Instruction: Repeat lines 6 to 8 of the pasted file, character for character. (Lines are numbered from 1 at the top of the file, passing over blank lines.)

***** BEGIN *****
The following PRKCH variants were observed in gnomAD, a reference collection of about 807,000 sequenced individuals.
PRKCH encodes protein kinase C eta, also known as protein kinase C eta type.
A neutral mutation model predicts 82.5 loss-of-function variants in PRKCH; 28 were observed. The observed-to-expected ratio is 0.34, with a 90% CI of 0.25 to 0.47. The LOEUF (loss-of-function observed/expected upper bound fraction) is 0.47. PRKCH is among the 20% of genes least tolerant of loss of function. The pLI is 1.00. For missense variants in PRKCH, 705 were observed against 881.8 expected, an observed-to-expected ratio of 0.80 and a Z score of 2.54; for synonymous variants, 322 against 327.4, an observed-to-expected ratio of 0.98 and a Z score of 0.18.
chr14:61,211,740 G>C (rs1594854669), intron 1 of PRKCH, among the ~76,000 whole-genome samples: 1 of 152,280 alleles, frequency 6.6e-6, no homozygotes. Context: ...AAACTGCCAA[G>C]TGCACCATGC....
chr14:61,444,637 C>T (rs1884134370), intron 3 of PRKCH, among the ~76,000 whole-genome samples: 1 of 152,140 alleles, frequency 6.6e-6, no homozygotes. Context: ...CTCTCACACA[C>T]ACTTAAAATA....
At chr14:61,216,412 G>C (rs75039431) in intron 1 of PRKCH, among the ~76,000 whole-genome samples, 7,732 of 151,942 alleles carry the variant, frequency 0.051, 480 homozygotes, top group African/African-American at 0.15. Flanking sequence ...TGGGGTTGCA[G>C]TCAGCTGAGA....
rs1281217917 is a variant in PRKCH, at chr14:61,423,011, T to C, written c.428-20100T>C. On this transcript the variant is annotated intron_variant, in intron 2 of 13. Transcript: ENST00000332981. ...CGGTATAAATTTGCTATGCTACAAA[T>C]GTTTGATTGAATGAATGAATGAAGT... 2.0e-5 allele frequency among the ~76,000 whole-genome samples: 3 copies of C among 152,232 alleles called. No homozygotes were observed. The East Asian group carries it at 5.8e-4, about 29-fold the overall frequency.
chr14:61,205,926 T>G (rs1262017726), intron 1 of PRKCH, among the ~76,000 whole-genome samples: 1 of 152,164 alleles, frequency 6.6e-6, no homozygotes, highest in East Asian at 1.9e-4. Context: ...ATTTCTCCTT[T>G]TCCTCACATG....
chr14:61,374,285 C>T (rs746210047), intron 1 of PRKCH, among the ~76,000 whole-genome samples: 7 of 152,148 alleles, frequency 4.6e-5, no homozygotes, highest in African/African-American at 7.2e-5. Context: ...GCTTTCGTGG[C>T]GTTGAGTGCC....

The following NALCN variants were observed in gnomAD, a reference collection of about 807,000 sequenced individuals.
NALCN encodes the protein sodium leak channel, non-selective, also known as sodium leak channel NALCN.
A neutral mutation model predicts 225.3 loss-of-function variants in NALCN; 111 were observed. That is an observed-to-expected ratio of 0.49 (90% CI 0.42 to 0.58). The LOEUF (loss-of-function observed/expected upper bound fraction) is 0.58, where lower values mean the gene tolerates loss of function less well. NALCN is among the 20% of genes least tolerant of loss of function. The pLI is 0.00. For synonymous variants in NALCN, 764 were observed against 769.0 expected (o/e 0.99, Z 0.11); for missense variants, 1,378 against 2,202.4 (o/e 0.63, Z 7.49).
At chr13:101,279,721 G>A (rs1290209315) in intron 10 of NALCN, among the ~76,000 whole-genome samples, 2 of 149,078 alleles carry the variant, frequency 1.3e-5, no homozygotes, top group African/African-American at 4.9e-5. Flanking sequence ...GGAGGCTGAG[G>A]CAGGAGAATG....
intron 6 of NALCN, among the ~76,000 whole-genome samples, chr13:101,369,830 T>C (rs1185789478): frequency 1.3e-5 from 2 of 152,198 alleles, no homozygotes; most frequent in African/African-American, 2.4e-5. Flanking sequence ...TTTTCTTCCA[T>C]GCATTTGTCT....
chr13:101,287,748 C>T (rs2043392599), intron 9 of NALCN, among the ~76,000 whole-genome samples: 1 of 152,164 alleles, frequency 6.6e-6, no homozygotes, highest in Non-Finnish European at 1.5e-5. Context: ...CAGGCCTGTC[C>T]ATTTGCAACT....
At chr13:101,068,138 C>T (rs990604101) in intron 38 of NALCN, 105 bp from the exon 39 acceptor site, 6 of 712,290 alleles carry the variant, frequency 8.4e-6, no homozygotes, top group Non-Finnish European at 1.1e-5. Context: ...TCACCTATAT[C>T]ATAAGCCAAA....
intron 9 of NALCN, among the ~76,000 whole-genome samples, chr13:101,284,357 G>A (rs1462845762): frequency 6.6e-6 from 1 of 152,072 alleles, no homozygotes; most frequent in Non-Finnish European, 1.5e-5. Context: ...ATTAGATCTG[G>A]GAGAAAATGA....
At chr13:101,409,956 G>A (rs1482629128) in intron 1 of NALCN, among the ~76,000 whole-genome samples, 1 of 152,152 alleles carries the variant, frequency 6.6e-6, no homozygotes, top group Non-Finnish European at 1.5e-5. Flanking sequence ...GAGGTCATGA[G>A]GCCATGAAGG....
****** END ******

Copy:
At chr14:61,216,412 G>C (rs75039431) in intron 1 of PRKCH, among the ~76,000 whole-genome samples, 7,732 of 151,942 alleles carry the variant, frequency 0.051, 480 homozygotes, top group African/African-American at 0.15. Flanking sequence ...TGGGGTTGCA[G>C]TCAGCTGAGA....
rs1281217917 is a variant in PRKCH, at chr14:61,423,011, T to C, written c.428-20100T>C. On this transcript the variant is annotated intron_variant, in intron 2 of 13. Transcript: ENST00000332981. ...CGGTATAAATTTGCTATGCTACAAA[T>C]GTTTGATTGAATGAATGAATGAAGT... 2.0e-5 allele frequency among the ~76,000 whole-genome samples: 3 copies of C among 152,232 alleles called. No homozygotes were observed. The East Asian group carries it at 5.8e-4, about 29-fold the overall frequency.
chr14:61,205,926 T>G (rs1262017726), intron 1 of PRKCH, among the ~76,000 whole-genome samples: 1 of 152,164 alleles, frequency 6.6e-6, no homozygotes, highest in East Asian at 1.9e-4. Context: ...ATTTCTCCTT[T>G]TCCTCACATG....